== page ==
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Arrogant Bishop

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White: Tom Lee
Black: John P. Pratt
Date: 3 Feb 1986
Location: Hill Air Force Base, Utah

Tom is a good defensive player and often beats me by letting me wear myself out trying to break through his castle. He often lets me have the center at the beginning as he builds a solid defense and then beats me in the end game. In this game, toward the end he has one bishop who leaves his defensive post to try to be a hero, and it ends up losing the game.

1. e2-e4, e7-e5. 
2. Ng1-f3, Nb8-c6. 
3. Bf1-c4, Bf8-c5. 
4. d2-d3, Ng8-f6.White is content not to fight for control of the center, but to relinquish the diagonal into his potential castle.
5. Bc1-g5, h7-h6.Black is ready to trade his knight for the powerful bishop and post his queen at f6. He likes giving breathing room to his king in a future castle. The diagonal opened up into that castle is filled with with pawns so it looks safe.
6. Bg5-h4, 0-0. 
7. Bh4-g3, d7-d6.White's bishop takes a defensive post and Black continues development.
8. c2-c3, a7-a6.Black prepares a place for his bishop if attacked. He wants to maintain control of that diagonal.
9. b2-b4, Bc5-a7.One of Black's favorite places for that bishop. He is so hidden, sometimes his long range cannon is not even noticed.
10. Nb1-d2, b7-b5.White's preplanned place for that knight, to replace the one at f3 in case attacked. Black attacks the bishop, expecting him to retreat.
11. Bc4-d5, Bc8-b7.This is White's most aggressive move and must be defended. Black wants that bishop fianchettoed there anyway, even though the diagonal is cluttered, because there's no fun now in taking the f3 knight because another one will just appear to replace it!
12. a2-a4, b5xa4. 
13. Ra1xa4, Qd8-d7.White is really focused on the queen side and Black cannot ignore him.
14. h2-h3, Ra8-b8.White still has not castled, while Black frees up his knight at c6.
15. d3-d4, Nc6xd4.Black takes the pawn with his newly-freed knight. He often comes out behind in trading pieces, but he's hoping to come out with that one pawn advantage.
16. Bd5xb7, Nd4xf3+.White wants to trade bishop's first, but Black has other plans.
17. Nd2xf3, Rb8xb7.White must take with the knight, which is what he wants, so that he queen guards her rook. Suddenly the board is freed up, and Black indeed came out a pawn ahead. Both sides are totally developed with pieces where they wanted them. Black loves to attack, but must be patient playing White who has such good defense.
18. Ra4xa6, Nf6xe4.White may now start a new phase of the game. Black feels he goes after a stray pawn, so he grabs the powerful king pawn he's been waiting to capture. Moreover, that knight attacks two pawns and a bishop.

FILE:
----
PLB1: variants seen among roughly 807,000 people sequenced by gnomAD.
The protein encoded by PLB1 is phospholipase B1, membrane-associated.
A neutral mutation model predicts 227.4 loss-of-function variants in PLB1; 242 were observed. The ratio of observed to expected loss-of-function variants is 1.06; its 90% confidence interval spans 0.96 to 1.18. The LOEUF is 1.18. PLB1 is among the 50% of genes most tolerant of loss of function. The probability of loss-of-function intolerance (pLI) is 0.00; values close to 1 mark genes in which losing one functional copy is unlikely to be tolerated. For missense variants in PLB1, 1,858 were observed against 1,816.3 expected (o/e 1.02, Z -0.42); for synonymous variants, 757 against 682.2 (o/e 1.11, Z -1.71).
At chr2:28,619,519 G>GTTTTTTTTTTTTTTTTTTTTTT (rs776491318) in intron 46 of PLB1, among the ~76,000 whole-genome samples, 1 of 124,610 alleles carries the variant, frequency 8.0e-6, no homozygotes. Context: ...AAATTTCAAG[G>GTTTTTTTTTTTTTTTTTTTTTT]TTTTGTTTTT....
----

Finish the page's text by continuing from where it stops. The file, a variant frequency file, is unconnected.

19. Nf3xe5, Qd7-b5.Surprise! White had a retaliation plan. Black saves his queen who attacks both rook and knight.
20. Ra6-a5, Qb5-b6.Rook and queen both adjust positions, which allows Black to threaten checkmate.
21. 0-0, d6xe5.Finally White feels the need to castle, giving Black a chance to capture that pesky knight. Now Black is ahead in material for the first time.
22. Bg3xe5, Ne4xf2.The white bishop leaves his important post looking for a more glorious life. His choice ends up costing the game because it allows Black to break into the castle.
23. Rf1xf2, Qb6xf2+.White may have felt forced to take the knight because of his attack on the queen, with the threat of discovered check on the next move. But Qd1-d4 would have saved his queen and somewhat defused the attack. Black's side-lines bishop now feels his patience has paid off!
24. Kg1-h2, c7-c5.White feels momentarily safe in a tiny new castle, and Black must get more pieces into action.
25. Be5-d6, Rf8-e8.White's aggressive bishop tries some offense, but it only helps Black develop his rook as he wanted to anyway.
26. Bd6xc5, Ba7-b8+.Aha! White's bishop is not just grabbing a pawn, but also forking both queen and bishop. He's seeking to prove he is a hero after all! But he has ignored defense and Black gets to grab what is now a more important diagonal. Note that Black's rook at b7, who was forced there by White, has been in a perfect place to protect his bishop buddy.
27. Bc5-d6, Re8-e2.White's bishop returns to his post somewhat humbled, and now Black threatens checkmate.
28. Qd1-d5, Bb8xd6+.White seeks to prevent the checkmate and also protect the bishop, but it is too little too late. The arrogant bishop falls.
29. Resigns. White cannot prevent mate either by taking the bishop or moving the king.